How Virginia Turned Around On Medical Cannabis

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Photo Credit: Liz McCall McCauley

It began with parents of children with epilepsy, who met with legislators to discuss using cannabis as medicine.

In 2015, a bill that would allow an affirmative defense for epileptic patients to possess cannabis oil with a two-year sunset clause passed, explains Nikki Narduzzi, patient coalition director of Cannabis Commonwealth.

Families then asked legislators to provide protection for industries to produce the cannabis in Virginia. The families returned the following year to make sure the bill would continue, and former Gov. Terry McAuliffe signed it into law in 2017.

During this time, Virginia NORML was beginning to advocate an expansion to the conditions list. Legislators wanted them to provide the efficacy of each condition, a near impossible task, says Narduzzi, who was advocating with Jenn Michelle Pedini, executive director of Virginia NORML.

The Joint Commission on Health Care came back with numerous recommendations, including:

Do nothing.

Add only the top conditions.

Create a medical advisory panel to provide the efficacy of each condition.

or

Let doctors decide.

The patron of the bill in 2017 was Rep. Sen. Jill Vogel. Vogel’s bill was an expansion to the conditions list with 12 conditions. She was willing to amend it down to two conditions – a daunting task –  to get it passed, but it died in the House Criminal Law Subcommittee. Rep. Sen. Ben Cline was one of the yes votes on the subcommittee.

During this time, Rep. Sen. Siobhan Dunnavant, a physician who supported Vogel’s bill, sat on the Joint Commission on Health Care and was able to explain to the commission why doctors should decide and not legislators.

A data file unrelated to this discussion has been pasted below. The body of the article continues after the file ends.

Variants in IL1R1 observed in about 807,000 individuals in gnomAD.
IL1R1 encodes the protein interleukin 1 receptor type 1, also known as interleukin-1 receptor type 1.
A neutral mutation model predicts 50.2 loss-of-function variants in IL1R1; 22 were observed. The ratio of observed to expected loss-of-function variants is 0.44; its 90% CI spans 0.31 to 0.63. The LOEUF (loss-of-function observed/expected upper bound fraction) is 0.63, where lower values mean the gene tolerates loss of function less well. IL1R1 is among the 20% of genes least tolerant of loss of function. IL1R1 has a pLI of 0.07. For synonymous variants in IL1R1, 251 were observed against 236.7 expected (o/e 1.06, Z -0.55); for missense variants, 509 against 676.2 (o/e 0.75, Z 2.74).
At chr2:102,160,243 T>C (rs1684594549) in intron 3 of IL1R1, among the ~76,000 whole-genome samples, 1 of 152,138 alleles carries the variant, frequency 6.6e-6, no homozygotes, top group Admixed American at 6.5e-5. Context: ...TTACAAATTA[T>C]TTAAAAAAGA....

In 2018, Cline would patron the House bill that, for the first time, would pass the House Criminal Law Subcommittee and move on to the Senate floor.

Dunnavant told Vogel she’d continue the fight and would become the chief patron of the Senate bill that passed unanimously on Feb. 5 allowing doctors to recommend medical cannabis oil for any condition or disease.

A huge surprise for advocates, said Narduzzi, was Rep. Sen. Dick Black, who changed his no vote to a yes. When it was over, Dunnavant walked up to Black and gave him a hug.

“Virginia will set historic public policy by becoming the first state legislature to expand a hyper-restrictive medical cannabis program from a single qualifying condition to any diagnosed condition,” said Delegate Mark Levine, co-patron of Let Doctors Decide.

Virginia’s novel approach to medical cannabis will serve as a model to states that have adopted limited-access policies.

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